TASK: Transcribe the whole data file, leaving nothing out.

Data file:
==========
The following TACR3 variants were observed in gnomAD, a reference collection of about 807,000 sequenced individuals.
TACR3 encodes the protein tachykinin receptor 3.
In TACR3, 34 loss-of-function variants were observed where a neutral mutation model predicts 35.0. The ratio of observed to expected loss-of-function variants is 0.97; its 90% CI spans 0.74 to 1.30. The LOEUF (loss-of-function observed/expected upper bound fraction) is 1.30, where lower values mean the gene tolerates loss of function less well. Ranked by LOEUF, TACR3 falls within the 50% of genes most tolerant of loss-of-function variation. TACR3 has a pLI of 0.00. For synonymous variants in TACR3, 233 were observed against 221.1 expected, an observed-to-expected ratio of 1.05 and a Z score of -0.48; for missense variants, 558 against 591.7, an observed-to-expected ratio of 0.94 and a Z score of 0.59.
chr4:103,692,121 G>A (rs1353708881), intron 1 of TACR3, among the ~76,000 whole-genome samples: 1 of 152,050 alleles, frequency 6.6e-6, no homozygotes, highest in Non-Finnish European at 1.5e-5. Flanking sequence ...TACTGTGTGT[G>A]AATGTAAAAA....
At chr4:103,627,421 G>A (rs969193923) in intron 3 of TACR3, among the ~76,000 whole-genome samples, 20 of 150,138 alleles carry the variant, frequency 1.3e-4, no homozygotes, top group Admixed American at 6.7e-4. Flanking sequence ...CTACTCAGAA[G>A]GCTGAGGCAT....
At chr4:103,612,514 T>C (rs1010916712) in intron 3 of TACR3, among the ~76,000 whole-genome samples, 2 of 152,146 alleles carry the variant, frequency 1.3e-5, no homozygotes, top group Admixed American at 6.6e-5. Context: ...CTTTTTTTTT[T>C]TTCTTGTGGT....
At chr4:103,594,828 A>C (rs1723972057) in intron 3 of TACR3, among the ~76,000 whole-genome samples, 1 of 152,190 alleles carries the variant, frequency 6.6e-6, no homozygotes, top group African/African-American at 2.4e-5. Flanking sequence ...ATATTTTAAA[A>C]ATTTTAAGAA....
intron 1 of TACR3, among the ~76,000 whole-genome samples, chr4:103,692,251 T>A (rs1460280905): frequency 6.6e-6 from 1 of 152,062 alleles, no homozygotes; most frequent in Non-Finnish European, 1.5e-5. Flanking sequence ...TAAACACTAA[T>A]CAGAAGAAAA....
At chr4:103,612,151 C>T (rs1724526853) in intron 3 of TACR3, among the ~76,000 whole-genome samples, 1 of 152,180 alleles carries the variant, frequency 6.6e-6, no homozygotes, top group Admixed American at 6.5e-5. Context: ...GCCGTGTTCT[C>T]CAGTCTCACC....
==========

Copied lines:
The following TACR3 variants were observed in gnomAD, a reference collection of about 807,000 sequenced individuals.
TACR3 encodes the protein tachykinin receptor 3.
In TACR3, 34 loss-of-function variants were observed where a neutral mutation model predicts 35.0. The ratio of observed to expected loss-of-function variants is 0.97; its 90% CI spans 0.74 to 1.30. The LOEUF (loss-of-function observed/expected upper bound fraction) is 1.30, where lower values mean the gene tolerates loss of function less well. Ranked by LOEUF, TACR3 falls within the 50% of genes most tolerant of loss-of-function variation. TACR3 has a pLI of 0.00. For synonymous variants in TACR3, 233 were observed against 221.1 expected, an observed-to-expected ratio of 1.05 and a Z score of -0.48; for missense variants, 558 against 591.7, an observed-to-expected ratio of 0.94 and a Z score of 0.59.
chr4:103,692,121 G>A (rs1353708881), intron 1 of TACR3, among the ~76,000 whole-genome samples: 1 of 152,050 alleles, frequency 6.6e-6, no homozygotes, highest in Non-Finnish European at 1.5e-5. Flanking sequence ...TACTGTGTGT[G>A]AATGTAAAAA....
At chr4:103,627,421 G>A (rs969193923) in intron 3 of TACR3, among the ~76,000 whole-genome samples, 20 of 150,138 alleles carry the variant, frequency 1.3e-4, no homozygotes, top group Admixed American at 6.7e-4. Flanking sequence ...CTACTCAGAA[G>A]GCTGAGGCAT....
At chr4:103,612,514 T>C (rs1010916712) in intron 3 of TACR3, among the ~76,000 whole-genome samples, 2 of 152,146 alleles carry the variant, frequency 1.3e-5, no homozygotes, top group Admixed American at 6.6e-5. Context: ...CTTTTTTTTT[T>C]TTCTTGTGGT....
At chr4:103,594,828 A>C (rs1723972057) in intron 3 of TACR3, among the ~76,000 whole-genome samples, 1 of 152,190 alleles carries the variant, frequency 6.6e-6, no homozygotes, top group African/African-American at 2.4e-5. Flanking sequence ...ATATTTTAAA[A>C]ATTTTAAGAA....
intron 1 of TACR3, among the ~76,000 whole-genome samples, chr4:103,692,251 T>A (rs1460280905): frequency 6.6e-6 from 1 of 152,062 alleles, no homozygotes; most frequent in Non-Finnish European, 1.5e-5. Flanking sequence ...TAAACACTAA[T>A]CAGAAGAAAA....
At chr4:103,612,151 C>T (rs1724526853) in intron 3 of TACR3, among the ~76,000 whole-genome samples, 1 of 152,180 alleles carries the variant, frequency 6.6e-6, no homozygotes, top group Admixed American at 6.5e-5. Context: ...GCCGTGTTCT[C>T]CAGTCTCACC....